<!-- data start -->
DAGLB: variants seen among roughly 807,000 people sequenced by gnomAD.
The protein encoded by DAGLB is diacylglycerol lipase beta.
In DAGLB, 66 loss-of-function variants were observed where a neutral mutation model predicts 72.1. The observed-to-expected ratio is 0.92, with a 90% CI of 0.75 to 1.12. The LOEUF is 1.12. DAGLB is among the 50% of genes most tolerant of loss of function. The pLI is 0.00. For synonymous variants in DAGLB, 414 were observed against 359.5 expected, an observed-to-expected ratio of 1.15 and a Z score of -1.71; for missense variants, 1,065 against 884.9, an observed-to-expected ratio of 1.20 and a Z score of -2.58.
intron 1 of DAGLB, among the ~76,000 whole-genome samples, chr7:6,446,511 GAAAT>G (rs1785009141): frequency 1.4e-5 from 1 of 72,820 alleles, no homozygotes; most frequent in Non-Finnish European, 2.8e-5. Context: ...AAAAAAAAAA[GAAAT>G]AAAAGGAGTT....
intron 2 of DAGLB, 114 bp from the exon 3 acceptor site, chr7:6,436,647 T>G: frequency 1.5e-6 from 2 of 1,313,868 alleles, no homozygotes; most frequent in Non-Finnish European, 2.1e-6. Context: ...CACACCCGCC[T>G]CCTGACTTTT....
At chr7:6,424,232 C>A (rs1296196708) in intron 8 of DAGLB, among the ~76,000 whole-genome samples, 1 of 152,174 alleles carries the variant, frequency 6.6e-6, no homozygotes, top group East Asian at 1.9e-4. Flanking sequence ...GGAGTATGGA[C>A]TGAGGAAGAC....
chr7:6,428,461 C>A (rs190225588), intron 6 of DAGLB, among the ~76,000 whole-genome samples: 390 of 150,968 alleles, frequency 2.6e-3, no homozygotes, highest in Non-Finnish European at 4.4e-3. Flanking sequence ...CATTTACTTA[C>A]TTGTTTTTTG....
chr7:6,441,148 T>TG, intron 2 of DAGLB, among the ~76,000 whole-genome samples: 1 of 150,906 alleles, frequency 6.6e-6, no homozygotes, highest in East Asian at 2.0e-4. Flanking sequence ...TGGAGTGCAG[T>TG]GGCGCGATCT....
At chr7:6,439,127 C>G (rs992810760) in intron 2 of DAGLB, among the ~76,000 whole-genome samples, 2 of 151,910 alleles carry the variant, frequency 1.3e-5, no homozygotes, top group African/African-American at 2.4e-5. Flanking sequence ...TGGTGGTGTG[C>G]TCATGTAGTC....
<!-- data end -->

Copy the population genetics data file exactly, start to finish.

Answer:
DAGLB: variants seen among roughly 807,000 people sequenced by gnomAD.
The protein encoded by DAGLB is diacylglycerol lipase beta.
In DAGLB, 66 loss-of-function variants were observed where a neutral mutation model predicts 72.1. The observed-to-expected ratio is 0.92, with a 90% CI of 0.75 to 1.12. The LOEUF is 1.12. DAGLB is among the 50% of genes most tolerant of loss of function. The pLI is 0.00. For synonymous variants in DAGLB, 414 were observed against 359.5 expected, an observed-to-expected ratio of 1.15 and a Z score of -1.71; for missense variants, 1,065 against 884.9, an observed-to-expected ratio of 1.20 and a Z score of -2.58.
intron 1 of DAGLB, among the ~76,000 whole-genome samples, chr7:6,446,511 GAAAT>G (rs1785009141): frequency 1.4e-5 from 1 of 72,820 alleles, no homozygotes; most frequent in Non-Finnish European, 2.8e-5. Context: ...AAAAAAAAAA[GAAAT>G]AAAAGGAGTT....
intron 2 of DAGLB, 114 bp from the exon 3 acceptor site, chr7:6,436,647 T>G: frequency 1.5e-6 from 2 of 1,313,868 alleles, no homozygotes; most frequent in Non-Finnish European, 2.1e-6. Context: ...CACACCCGCC[T>G]CCTGACTTTT....
At chr7:6,424,232 C>A (rs1296196708) in intron 8 of DAGLB, among the ~76,000 whole-genome samples, 1 of 152,174 alleles carries the variant, frequency 6.6e-6, no homozygotes, top group East Asian at 1.9e-4. Flanking sequence ...GGAGTATGGA[C>A]TGAGGAAGAC....
chr7:6,428,461 C>A (rs190225588), intron 6 of DAGLB, among the ~76,000 whole-genome samples: 390 of 150,968 alleles, frequency 2.6e-3, no homozygotes, highest in Non-Finnish European at 4.4e-3. Flanking sequence ...CATTTACTTA[C>A]TTGTTTTTTG....
chr7:6,441,148 T>TG, intron 2 of DAGLB, among the ~76,000 whole-genome samples: 1 of 150,906 alleles, frequency 6.6e-6, no homozygotes, highest in East Asian at 2.0e-4. Flanking sequence ...TGGAGTGCAG[T>TG]GGCGCGATCT....
At chr7:6,439,127 C>G (rs992810760) in intron 2 of DAGLB, among the ~76,000 whole-genome samples, 2 of 151,910 alleles carry the variant, frequency 1.3e-5, no homozygotes, top group African/African-American at 2.4e-5. Flanking sequence ...TGGTGGTGTG[C>G]TCATGTAGTC....